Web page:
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CP eyeball method

Posted: Tue Jul 04, 2017 1:02 pm
by Rex Fynns
G'day all,

Following a discussion in the intro section I would like to expand on a method for an eyeball redneck CP checking method to hear what others may think.

Expanding on the idea of a plan form silhouette cut out method which appears a good eyeball starting point but also ignores the subtlety of differences in lift and drag coefficients between a round body and fins I offer the following idea, likely done before I suspect.

Attach the rocket (this is for small rockets) clamped with zip ties between 2 pieces of half round aluminum tubing one of which one is attached to the end of broom handle at 90 degrees (screwed and glued into a half round recess at the end of the handle), the half round tube piece being around ~70mm in length.

The line of the broom handle is through the already established CG point.

A country quiet road and a ute is desirable at this point but not essential, leave your copy of the Koran that maybe lying around in the cab at home for this trip and don't pass police cars. With the window down and the rocket far enough out of the window to be in clean air simply drive down the road.

There are a couple of advantages with this method in that the torque effect of the weather cocking moment can be directly felt through the broom handle and its magnitude gauged at various speeds. Hopefully the rocket will show positive stability and fly horizontally. By progressively moving the attach point further aft you will come to a point where neutral stability occurs and the rocket remains perpendicular to the relative airflow.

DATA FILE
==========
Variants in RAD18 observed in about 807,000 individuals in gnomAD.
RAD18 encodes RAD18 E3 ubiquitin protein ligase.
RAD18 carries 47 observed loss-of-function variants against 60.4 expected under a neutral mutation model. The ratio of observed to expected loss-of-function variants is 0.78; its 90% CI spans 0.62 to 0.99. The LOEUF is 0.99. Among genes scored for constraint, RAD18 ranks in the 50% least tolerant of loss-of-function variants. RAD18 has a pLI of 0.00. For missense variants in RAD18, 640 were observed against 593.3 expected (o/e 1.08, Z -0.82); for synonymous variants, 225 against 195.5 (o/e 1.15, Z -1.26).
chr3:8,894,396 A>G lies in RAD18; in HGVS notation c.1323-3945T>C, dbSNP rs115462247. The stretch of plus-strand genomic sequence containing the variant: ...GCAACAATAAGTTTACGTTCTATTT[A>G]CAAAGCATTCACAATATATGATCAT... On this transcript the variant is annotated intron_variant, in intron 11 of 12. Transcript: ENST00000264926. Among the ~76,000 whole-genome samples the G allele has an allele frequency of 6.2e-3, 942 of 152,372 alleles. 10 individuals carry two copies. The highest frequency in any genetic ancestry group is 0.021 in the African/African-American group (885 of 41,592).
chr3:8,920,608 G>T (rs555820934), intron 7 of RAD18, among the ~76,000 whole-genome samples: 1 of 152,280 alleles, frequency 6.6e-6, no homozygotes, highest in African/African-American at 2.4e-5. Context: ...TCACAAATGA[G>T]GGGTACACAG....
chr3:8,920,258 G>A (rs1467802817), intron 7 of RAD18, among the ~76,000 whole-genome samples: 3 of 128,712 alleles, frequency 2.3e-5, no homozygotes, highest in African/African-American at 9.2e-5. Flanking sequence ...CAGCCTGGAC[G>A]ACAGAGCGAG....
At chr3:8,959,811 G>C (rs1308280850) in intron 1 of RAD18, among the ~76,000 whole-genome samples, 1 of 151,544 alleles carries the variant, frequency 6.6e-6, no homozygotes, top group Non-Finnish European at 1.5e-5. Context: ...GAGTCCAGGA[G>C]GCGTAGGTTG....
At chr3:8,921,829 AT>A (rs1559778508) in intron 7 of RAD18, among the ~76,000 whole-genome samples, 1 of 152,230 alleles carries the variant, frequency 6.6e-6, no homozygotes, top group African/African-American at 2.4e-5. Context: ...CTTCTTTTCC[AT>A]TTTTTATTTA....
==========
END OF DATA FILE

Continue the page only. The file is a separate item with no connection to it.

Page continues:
This is an expansion on the swirling string method however it removes the centrifugal force influence allowing attachment at other than the CG point so that the actual CP can be determined.

Another advantage might be that with the rocket attached through the CG point along the line of the broom handle you can rotate the rockets AoA attack and get a feel for flow separation over the fins, this could be helpful with fins designed for extreme velocities sporting razor sharp leading edges which tend to create early flow separation over the fin. I suspect that through the very short moment arm of grasping the end of the broom handle you will feel the point of flow separation (stall).

One significant down side to this which could be mitigated through design refinement is that the turbulent airflow from the broom handle could induce early buffeting at low AoA until the fins moved with increasing AoA back into clean air.

All just a thought bubble at this stage but a method that appears quick and simple to set up and may produce something meaningful.

Of course many will offer that the various simulators do all this for you and more, which is true. However there is nothing quite like actually tangibly feeling the forces at play to gain a good appreciation of the science. And frankly the less time I sit in front of a computer and the more time I spend roaring down a country road in a ute with a rocket out the window the richer my life becomes.